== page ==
Supreme Leader Ayatollah Ali Kamenei's reshuffle
this week of Revolutionary Guard commanders, coming amid reports that the
all-volunteer Basij militia will be folded into IRGC "land forces," initially
looked to some like an attempt to soothe public anger over postelection violence
attributed to the two forces.
But the man chosen to replace Basij commander Hossein Taeb, whom critics want investigated for his possible role in recent abuses and deaths of opposition protesters, is likely to do little to placate administration critics.
Brigadier General Mohammad Reza Naqdi is a security official whose conservative credentials are thought to stem from his involvement in efforts to stymie Iran's reform movement under Mohammad Khatami's presidency in the late 90's and first half of this decade.
"The appointment [of Naqdi] shattered the hopes
and plans of those of thought they could ease the [postelection crisis] through
political mediation," says Mohsen Sazagara, an exiled cofounder of the IRGC who
has since fallen out of favor with Iran's political leadership.
Sazagara, who has actively supported Iran's Green Movement from Washington in the wake of the disputed June 12 election, says the move signals a hardening of the establishment's stance toward the opposition.
Tip Of The Spear
Reports have linked Naqdi to crackdowns against students and the torture of municipal officials arrested during Khatami's 1997-2005 administration. He also has a record of involvement in the suppression of dissent, including the interrogation and alleged torture of students jailed during 1999 student protests.
Amir Farshad Ebrahimi, a journalist and former Basij member who now lives in Berlin, thinks there is reason to believe that Naqdi was involved in the most recent postelection clampdown as well.
"A number of people who were released after being arrested in the postelection crackdown, including one that was held in the Kahrizak detention center, told me that there was someone there that was being called 'Shams,' and that he was the head of the interrogation team," Ebrahimi says.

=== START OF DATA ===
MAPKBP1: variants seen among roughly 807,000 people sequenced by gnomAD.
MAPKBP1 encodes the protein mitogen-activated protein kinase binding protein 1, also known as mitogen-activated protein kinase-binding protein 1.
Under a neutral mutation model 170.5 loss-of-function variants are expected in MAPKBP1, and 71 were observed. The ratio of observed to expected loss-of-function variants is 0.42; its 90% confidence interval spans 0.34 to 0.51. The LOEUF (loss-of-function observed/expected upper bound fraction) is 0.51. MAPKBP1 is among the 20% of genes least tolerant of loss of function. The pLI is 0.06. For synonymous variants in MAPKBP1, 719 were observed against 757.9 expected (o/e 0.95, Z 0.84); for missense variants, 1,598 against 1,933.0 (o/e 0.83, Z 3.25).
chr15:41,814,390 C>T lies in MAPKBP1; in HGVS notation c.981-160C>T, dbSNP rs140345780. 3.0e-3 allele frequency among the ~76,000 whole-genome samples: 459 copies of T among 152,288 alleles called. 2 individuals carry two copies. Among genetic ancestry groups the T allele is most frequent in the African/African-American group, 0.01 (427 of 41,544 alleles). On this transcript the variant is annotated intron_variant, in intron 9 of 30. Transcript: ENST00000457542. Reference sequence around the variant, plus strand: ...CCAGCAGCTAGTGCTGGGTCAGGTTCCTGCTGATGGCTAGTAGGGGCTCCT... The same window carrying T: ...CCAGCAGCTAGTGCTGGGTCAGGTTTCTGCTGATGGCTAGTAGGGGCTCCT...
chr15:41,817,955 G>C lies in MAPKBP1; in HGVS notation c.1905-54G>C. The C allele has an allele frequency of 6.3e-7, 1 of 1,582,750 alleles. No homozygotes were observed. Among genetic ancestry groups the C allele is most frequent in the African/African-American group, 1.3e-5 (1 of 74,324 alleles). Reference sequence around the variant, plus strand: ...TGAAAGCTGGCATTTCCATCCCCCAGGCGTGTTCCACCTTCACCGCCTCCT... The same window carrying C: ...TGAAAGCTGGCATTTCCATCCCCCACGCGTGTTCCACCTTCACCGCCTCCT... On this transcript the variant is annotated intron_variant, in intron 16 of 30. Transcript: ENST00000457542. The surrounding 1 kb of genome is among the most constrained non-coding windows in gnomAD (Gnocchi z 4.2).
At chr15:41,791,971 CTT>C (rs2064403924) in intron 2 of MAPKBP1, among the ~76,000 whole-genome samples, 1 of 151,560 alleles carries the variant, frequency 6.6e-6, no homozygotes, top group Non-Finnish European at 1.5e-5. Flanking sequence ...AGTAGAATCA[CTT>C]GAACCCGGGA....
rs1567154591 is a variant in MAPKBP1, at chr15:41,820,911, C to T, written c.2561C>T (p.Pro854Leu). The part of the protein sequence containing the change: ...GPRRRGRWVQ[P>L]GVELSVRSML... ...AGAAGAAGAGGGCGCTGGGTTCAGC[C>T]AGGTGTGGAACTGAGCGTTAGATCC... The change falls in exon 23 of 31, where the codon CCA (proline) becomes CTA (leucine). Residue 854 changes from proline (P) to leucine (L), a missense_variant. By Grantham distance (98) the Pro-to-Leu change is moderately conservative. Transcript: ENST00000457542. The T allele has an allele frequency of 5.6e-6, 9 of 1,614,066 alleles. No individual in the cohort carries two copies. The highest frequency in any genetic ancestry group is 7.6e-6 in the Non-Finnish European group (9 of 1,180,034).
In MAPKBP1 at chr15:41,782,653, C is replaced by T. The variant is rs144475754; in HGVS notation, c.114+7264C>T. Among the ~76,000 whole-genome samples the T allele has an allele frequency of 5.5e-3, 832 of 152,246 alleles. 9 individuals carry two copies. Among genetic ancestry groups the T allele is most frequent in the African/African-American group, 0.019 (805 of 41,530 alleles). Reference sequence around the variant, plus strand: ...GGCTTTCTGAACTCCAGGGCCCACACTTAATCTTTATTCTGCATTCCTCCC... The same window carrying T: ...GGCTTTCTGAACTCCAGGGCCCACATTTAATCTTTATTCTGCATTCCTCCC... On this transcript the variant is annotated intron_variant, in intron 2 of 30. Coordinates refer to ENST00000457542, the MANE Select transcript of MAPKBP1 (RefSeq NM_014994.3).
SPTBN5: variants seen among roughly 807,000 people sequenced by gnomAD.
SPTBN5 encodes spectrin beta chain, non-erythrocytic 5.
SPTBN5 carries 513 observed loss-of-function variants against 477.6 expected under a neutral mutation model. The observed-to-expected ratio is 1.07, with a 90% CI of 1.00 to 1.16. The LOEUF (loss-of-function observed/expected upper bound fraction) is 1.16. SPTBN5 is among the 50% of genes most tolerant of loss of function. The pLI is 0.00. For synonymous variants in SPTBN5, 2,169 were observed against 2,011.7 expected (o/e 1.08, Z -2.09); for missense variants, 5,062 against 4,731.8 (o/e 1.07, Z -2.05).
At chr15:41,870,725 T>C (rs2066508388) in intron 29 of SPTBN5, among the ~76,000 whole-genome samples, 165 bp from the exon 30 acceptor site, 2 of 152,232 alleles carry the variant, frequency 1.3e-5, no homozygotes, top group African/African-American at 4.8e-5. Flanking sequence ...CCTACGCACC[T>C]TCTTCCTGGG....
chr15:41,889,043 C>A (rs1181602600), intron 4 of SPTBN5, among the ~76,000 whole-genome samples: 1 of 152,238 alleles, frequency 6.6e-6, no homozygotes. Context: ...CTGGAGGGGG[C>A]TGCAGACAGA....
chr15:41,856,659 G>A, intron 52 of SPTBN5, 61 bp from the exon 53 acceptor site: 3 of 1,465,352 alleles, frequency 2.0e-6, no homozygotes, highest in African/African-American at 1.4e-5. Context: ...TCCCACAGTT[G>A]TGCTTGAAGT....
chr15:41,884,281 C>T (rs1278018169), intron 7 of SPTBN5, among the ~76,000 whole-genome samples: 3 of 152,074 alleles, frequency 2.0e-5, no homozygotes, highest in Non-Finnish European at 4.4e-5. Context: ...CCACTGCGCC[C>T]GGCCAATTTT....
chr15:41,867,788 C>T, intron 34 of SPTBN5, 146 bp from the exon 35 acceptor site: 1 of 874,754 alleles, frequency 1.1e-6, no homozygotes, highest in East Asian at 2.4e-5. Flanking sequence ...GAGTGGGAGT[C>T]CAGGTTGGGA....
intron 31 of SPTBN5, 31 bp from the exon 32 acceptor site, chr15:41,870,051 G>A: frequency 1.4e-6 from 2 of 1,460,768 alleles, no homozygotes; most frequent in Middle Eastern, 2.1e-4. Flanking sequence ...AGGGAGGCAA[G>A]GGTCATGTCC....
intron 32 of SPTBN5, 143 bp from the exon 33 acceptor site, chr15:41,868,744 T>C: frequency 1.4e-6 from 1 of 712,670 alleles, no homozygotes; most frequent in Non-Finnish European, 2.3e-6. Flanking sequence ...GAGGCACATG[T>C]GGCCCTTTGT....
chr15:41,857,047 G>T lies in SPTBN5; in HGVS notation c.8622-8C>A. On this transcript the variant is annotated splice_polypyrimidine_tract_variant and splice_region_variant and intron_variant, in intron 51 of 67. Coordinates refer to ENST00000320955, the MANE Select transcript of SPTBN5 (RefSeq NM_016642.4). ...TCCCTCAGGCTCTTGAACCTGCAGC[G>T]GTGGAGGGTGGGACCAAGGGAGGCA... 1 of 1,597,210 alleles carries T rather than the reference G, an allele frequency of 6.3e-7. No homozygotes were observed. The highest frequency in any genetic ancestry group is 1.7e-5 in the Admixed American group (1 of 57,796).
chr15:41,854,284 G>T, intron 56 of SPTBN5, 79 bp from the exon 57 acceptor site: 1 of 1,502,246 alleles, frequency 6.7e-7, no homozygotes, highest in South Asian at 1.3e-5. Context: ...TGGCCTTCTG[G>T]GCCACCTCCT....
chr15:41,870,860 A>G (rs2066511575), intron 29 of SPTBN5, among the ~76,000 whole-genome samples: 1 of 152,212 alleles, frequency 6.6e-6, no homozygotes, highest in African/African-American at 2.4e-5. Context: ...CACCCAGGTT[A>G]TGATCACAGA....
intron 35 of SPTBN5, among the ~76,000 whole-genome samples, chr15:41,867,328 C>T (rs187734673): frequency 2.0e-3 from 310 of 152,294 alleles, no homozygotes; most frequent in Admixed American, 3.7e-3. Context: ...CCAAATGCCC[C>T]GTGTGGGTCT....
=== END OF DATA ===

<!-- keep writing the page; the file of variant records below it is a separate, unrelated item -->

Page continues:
He says "Shams" has been Naqdi's code name for years.
The Basij militia -- under Taeb's leadership -- was a key weapon in the regime's arsenal to suppress mass demonstrations that took place after President Mahmud Ahmadinejad was named the winner of the June vote. Opposition leaders and activists have claimed massive electoral fraud and condemned official brutality, with a widely circulated estimate of 72 people killed as a result of the crackdown.
Human Rights Watch has named Taeb as one of the Iranian security officials who should be investigated for postelection abuses, particularly regarding attacks on student dormitories that left at least five dead. Taeb reportedly has been transferred to serve as the deputy head of the IRGC's intelligence arm.
News of the reshuffle within the senior ranks of the Revolutionary Guard -- and the Basij it already oversees -- follows anonymously sourced reports by Mehr news agency and on the "Fararu" website asserting that there are plans to formally merge the Basij with Revolutionary Guard's "land forces."
Such a merger would further gird a loose alliance of plainclothes enforcers who operate in a legal gray zone and strike fear among ideological opponents who've been on the receiving end of their sometimes brutal methods.
Iran observers note that the changes come at a
sensitive time, fueling widespread speculation that they are intended to help
assuage public anger over postelection violence.
Basij forces on parade in November 2008
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